But what happens when this starts to go wrong?

I've had numerous relationships that have gone wrong. In all cases one party has changed. Sometimes it's so gradual it's not noticeable, other times it can be almost overnight when you wake up one morning and simply don't recognise the person you're next to in bed. I had a marital split that was like that.

And I've had working relationships end in similar ways. I guess everyone leaves a job at some point and if you were 100% happy you'd have stayed. There's something that's made you move on, even if you were largely happy there, it's the small % of unhappiness that has made you move.

Actual relationships are the same. If you are 100% happy you'll not look around for companionship elsewhere or seek another relationship. Often if you're mostly happy you'll stay put too, because it's a big emotional jolt to end a relationship.

And yet, if there's something not quite right, shouldn't you take steps to address that either by putting that right in the relationship or by moving on? Surely you deserve to be happy with someone else than even slightly unhappy?

I've had women end relationships with me using that sentence and it hurts, even though deep down I know they're right.

But does this hold true in working relationships?

If the company culture is strong enough and the line management relationship is similarly strong, then if the employee or employer is slightly unhappy with the other then a conversation will take place and things will happen to make it right again. If these attempts fail, then the employee should be encouraged to move on.

And I say encouraged meaning that there ought to be some kind of inducement or at least support to find another employer. Outplacement and that sort of thing.

But what if the trust has gone completely? What if all the things that attracted you to the employer in the first place and kept you loyal and engaged for, probably, years, have one by one disappeared? What if all the people you trusted and looked to for friendship and support have gone completely or moved to other roles? What if the team you built and shaped and developed are no longer your team? What if everything's different?

In short, what if you don't recognise the employer you're in bed with any more? Can the required conversation even take place? I don't think it can.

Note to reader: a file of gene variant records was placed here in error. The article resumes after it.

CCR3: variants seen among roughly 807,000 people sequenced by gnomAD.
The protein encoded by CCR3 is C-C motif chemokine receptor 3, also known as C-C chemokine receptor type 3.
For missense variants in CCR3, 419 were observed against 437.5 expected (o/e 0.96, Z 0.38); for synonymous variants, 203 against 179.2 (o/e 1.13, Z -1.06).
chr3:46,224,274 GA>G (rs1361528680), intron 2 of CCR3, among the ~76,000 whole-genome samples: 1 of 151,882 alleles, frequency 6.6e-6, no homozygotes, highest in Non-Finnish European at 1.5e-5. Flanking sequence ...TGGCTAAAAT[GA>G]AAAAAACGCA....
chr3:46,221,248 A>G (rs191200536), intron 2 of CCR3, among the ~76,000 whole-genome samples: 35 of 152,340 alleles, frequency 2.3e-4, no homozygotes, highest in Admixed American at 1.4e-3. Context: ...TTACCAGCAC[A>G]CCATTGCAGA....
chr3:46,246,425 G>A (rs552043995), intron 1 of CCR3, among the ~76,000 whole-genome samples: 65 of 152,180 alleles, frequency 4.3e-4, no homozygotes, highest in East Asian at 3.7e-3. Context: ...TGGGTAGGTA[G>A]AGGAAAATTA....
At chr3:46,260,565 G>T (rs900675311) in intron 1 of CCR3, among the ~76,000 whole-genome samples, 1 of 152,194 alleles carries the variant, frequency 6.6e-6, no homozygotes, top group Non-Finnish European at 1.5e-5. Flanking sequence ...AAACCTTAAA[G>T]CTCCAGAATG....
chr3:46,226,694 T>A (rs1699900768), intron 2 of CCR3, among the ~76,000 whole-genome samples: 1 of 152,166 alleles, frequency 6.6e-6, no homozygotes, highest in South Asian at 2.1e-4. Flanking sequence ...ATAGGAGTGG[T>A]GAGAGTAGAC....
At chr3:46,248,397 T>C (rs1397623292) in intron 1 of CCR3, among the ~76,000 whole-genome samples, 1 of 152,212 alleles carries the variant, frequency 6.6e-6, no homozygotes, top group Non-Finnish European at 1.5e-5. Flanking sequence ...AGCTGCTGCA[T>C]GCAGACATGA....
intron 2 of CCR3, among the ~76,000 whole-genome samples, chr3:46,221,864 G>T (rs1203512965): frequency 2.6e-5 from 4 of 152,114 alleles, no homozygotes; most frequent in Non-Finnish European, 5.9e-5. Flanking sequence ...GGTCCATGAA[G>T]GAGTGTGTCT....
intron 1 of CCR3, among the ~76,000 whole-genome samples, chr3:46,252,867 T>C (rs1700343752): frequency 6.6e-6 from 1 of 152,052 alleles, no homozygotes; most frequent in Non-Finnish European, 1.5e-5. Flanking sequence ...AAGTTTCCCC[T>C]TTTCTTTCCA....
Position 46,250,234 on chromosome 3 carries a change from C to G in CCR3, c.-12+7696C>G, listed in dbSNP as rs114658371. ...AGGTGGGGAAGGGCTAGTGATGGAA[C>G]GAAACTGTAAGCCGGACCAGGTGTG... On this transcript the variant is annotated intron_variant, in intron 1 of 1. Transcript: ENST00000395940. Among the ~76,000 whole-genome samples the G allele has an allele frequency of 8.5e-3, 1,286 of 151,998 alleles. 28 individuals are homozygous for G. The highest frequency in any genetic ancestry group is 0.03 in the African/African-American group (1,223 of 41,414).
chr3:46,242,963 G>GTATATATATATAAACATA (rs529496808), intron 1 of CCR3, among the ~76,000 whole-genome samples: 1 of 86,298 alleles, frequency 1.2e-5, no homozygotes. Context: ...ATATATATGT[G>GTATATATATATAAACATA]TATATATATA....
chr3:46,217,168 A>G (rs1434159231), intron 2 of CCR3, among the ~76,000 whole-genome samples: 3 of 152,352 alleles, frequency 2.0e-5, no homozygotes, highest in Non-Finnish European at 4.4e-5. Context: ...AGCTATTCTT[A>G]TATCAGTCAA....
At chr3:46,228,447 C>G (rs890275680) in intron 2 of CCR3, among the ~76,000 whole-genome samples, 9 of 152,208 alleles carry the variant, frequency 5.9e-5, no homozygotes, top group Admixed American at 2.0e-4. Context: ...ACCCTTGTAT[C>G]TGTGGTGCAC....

It's akin to finding your partner is having an affair. You just don't see it coming but it's devastating when it does.

And here you may start to see the same things happen in both actual and working relationships.

Obviously there will be trust issues presenting themselves. Neither party will wholly trust the other to give 100% of their part of the bargain. There will be a loss of pride in the relationship, in that the employee may no longer feel proud to work for the organisation or to be involved with its work, and may stop telling others who they work for as they may struggle to actually say the employers name. The employee may stop trying, stop giving their discretionary effort and do only the bare minimum to get by. They may, as I've posted about before, become invisible within the organisation and unconnected to it on social media. Presenteeism becomes rife. The employee may get annoyed easily at little things the employer does, and vice versa. And these little things become major issues as neither talks to the other about them. There's a lack of engagement in the relationship, and the spark has gone.

Basically, the employee doesn't recognise the employer any more.

And that's sad. Because it affects how each party views the other. Where once there was love, loyalty and pride, there's now mistrust, fear and antagonism.

And these can build. So how does an employee survive in a loveless relationship?